I almost never read the newspaper, and haven't since I stopped my hard copy subscription to Investor's Business Daily three years ago, switching to the pdf version. I've been taking advantage of the free newspaper trials available for my Kindle. I really like reading newspapers on the Kindle. No more newspapers cluttering up the apartment; no more black ink all over my hands. But there are even more compelling reasons to switch to Kindle versions of newspapers. All three of my trial subscriptions are for East Coast papers, and all of them have been automatically downloaded into my Kindle by 2-3 am, which is good for me since I routinely am awake at night. When I used to get the Wall Street Journal or IBD delivered, sometime it never came, or would come so late I couldn't read it before going to bed. No more of that. I hate reading an article, and then having to skip to a different page to finish. No more of that. I'm not totally sure which paper I'll actually subscribe to after my trials are done. The Post and the NYT are close competitors. I was reading the Richmond (VA) paper to read about the blizzard and how it might affect my family back in my old home town, so I doubt I'll keep that one. What will probably happen is I'll schmooze between trials of all sorts of newspapers, and buy an individual NYT on Sundays. I don't think I'll be able to keep up this voracious pace of reading for long.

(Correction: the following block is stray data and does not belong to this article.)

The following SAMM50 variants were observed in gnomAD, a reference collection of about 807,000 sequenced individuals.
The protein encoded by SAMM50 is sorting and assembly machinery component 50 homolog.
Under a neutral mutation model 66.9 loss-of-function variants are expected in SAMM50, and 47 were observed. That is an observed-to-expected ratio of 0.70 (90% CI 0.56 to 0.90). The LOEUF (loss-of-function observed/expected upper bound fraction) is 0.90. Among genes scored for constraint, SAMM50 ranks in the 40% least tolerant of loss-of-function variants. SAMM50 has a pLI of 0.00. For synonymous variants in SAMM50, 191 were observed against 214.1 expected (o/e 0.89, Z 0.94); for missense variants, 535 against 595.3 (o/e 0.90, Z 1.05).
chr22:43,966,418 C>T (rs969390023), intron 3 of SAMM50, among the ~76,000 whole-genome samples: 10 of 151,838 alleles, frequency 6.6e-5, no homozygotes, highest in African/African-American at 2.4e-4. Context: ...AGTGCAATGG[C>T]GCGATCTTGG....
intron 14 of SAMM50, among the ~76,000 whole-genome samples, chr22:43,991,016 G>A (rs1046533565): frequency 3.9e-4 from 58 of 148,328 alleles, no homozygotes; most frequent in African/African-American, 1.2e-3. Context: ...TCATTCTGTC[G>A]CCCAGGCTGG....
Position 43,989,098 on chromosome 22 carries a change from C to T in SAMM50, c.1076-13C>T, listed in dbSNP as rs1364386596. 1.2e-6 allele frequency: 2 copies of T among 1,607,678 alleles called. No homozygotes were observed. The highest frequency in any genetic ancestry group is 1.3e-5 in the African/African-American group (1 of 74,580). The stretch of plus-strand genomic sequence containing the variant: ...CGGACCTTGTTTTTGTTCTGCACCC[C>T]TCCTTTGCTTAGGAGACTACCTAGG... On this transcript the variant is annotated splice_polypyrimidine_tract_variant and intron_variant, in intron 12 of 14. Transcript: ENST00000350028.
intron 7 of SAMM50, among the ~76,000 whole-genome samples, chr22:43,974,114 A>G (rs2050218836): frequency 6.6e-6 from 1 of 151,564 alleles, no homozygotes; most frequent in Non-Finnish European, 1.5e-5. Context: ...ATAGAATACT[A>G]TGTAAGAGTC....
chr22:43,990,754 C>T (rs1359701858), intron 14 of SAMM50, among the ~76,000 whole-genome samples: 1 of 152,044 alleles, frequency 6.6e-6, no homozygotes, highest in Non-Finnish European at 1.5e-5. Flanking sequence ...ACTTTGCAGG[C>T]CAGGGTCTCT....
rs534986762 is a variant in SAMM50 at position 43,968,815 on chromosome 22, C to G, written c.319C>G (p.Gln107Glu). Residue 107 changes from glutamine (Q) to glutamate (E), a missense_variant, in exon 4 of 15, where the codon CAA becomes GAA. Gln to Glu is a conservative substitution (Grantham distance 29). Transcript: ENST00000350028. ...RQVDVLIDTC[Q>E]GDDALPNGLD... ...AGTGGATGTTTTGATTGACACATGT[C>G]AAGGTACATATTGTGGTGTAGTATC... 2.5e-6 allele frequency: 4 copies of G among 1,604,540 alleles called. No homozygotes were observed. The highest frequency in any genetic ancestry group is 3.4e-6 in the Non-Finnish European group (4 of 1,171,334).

Once again, Santa was very good to me this year. I now own a Kindle (3G version), and I've spend the past couple of days reading more than I have read since I became a nurse. I first got into reading Kindle books back in July, when I installed the Kindle reader app on my Blackberry and both of my laptops. It was cool being able to read a book from one device to another, and since my Blackberry goes with me everywhere, I always have something to read for those unexpected minutes of downtime. The ebook collection on Amazon is now big enough to include just about every book I would think about reading. I know there are authors and publishers that haven't accepted the technology, but so far the only popular author I can't get via my Kindle are the Harry Potter books. I went to the local Barnes and Noble, and every book that I would want to read was available on Amazon.com as a Kindle book. I looked it up on my Amazon account, and and since July 2010, I've downloaded and read fifteen books. Since I got my Kindle for Christmas, I've finished one book, started another, and have been enjoying trial periods of the New York Times, the Washington Post, a Kindle blog for free books, and just generally exploring my way around on the Kindle. It's cool.